In one application example, the level of sludge, i.e., the percentage of dry matter in terms of solid material, is for example between 3 and 10%.
 This sludge feeds the chamber E, for example of volume V=100 l, at a rate for example of between 5 and 50 m3/h, for example 15 m3/h.
 As described above, this effluent is injected into the reactor via the two opposite ports 22. Simultaneously, air is fed via the lower ramp 33 of the reactor, with a rate greater, for example, than 25 Nm3/h.
 The pressure within this reactor is between 0.3 and 1.5 bar relative, for example greater than 0.8 bar relative, depending on the water level of the pump and/or pumps which feed the effluents, and also on the head loss created by the chamber itself and by the removal slide valve 42 which is situated at the top part of said chamber.
 The pressure within the reactor may in particular be regulated by means of this upper slide valve or other valve.
 The effluent, thus agitated and fed with air, remains in the reactor for a period corresponding to the relative ratio between the rates, the volume, and the pressure.
 It is therefore retained, for example, for a residence time of several seconds, for example of less than 1 minute, before being removed.
 This time may even be very much less, since with an effluent rate of greater than 20 m3/h, residence within the chamber may for example be for a time of less than 10 seconds.
 The sludge feed rate itself has a direct action on the percussion velocity, in accordance with the table produced above, given that the contact time and residence time in the reactor under pressure also affect the rate of formation of the flocs and of their settling.
 The rate of air and the effect of the pressure in the reactor are also elements which, with a view to the desired result, will be adapted, in a manner which is within the abilities of the skilled person.
 When the sludges have been processed, they emerge from the reactor at a pressure corresponding to the flow pressure of the rate of the fluid in the pipe 43, to the settling vat 45, in which settling will take place in a manner known per se.
 The water obtained as a supernatant is of a high purity and is itself removed continuously at 58.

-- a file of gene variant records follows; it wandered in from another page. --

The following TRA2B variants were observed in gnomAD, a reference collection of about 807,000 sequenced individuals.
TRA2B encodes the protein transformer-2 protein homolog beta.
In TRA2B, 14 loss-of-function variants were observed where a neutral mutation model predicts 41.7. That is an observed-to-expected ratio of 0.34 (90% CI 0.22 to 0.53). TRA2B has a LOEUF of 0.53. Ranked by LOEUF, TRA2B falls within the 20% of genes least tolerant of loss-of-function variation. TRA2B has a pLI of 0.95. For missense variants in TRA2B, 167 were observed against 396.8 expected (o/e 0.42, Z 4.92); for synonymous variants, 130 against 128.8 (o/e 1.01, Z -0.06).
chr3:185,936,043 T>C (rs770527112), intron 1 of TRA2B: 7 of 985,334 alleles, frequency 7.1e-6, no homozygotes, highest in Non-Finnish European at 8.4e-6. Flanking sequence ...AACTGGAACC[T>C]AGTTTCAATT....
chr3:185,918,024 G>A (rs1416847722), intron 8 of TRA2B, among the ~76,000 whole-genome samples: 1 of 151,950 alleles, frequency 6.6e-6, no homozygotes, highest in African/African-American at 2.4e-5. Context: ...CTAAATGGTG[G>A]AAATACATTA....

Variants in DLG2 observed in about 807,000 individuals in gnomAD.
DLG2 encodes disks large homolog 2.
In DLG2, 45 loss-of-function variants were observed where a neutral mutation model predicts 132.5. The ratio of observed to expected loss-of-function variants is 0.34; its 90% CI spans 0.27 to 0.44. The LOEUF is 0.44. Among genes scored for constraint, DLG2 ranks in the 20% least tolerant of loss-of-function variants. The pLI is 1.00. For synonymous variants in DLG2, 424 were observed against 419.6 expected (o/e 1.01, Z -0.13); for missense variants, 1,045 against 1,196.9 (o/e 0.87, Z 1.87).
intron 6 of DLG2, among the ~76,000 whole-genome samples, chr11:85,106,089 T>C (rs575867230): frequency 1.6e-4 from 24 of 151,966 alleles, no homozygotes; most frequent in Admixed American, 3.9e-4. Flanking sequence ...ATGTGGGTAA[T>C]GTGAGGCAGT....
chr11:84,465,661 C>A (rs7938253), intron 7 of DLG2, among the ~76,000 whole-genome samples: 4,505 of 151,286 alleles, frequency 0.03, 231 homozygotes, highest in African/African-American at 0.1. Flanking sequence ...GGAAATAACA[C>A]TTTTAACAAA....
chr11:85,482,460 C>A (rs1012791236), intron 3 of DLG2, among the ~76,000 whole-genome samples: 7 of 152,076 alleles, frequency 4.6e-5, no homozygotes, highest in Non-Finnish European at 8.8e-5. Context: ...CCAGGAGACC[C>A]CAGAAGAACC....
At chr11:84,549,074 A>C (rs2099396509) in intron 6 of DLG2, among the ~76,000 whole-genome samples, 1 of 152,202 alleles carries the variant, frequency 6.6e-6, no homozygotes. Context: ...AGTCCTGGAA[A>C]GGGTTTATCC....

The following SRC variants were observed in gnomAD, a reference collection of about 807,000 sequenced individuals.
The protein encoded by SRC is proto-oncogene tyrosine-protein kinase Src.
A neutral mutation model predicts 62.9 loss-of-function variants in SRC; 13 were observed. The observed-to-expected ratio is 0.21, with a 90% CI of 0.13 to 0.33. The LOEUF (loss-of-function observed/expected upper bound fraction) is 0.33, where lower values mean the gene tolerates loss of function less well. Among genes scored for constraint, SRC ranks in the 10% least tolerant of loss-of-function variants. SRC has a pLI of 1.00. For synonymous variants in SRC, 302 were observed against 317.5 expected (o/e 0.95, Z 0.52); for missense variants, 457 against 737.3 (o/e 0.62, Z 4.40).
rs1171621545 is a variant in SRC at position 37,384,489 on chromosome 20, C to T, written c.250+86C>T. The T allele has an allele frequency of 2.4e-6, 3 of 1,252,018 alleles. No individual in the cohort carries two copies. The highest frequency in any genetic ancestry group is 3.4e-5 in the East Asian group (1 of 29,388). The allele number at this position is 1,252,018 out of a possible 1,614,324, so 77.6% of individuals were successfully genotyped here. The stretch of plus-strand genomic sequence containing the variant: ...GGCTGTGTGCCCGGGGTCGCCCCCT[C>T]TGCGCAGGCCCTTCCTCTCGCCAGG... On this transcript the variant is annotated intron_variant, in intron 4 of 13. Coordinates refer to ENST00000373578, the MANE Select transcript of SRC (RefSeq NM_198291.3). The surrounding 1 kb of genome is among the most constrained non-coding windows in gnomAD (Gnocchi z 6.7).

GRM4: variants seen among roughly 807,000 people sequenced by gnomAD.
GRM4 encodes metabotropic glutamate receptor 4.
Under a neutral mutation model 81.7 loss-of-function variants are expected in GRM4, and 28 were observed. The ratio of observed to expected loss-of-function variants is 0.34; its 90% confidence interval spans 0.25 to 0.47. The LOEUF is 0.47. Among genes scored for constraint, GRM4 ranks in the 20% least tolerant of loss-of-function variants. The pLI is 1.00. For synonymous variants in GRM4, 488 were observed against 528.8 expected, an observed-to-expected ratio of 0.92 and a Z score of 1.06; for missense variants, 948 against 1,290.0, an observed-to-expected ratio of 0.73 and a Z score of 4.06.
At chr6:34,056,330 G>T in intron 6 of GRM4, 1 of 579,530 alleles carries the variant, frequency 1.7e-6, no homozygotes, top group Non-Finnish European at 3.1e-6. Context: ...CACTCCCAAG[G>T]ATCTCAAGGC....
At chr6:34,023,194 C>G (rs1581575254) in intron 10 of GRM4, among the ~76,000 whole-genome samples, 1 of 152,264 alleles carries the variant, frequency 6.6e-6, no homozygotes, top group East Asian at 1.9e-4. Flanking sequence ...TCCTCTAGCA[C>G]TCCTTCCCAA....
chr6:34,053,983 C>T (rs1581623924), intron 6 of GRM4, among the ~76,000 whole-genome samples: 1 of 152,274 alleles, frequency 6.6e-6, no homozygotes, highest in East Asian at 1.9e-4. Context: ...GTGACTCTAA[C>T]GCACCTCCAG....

The sludge obtained at the bottom part of the settling vat is removed either continuously or discontinuously, according to specified periods--for example, once a day.
 The action of removing this sludge again very quickly increases its quality, particularly with regard to its good porosity.
 The treatment carried out by virtue of the method and reactor according to the invention therefore yields a porous dewatered cake, with the recovered sludge being empty, dry, and manipulable. A number of hours are sufficient, as against three months in the context of the use of so-called conventional drying, to obtain a comparable result, and the features of the resulting sludge as well are much better with the invention, since the sludge is more readily recyclable.
 As will be obvious, and as also results from the text above, the present invention is not limited to the embodiments that have been more particularly described. Instead, it encompasses all variants of those embodiments, and especially those in which the orifices may be regulator jets, tubes reaching into the interior of the chamber in order to minimize the distance between the outlets and increase the force of the impacts.
Patent applications by Michel Lopez, Coursan FR
Patent applications by Pascal Gendrot, Jouy En Josas FR
Patent applications by Patrice Capeau, Aix-En-Provence FR
Patent applications by OREGE
Patent applications in class From sewage or night soil
Patent applications in all subclasses From sewage or night soil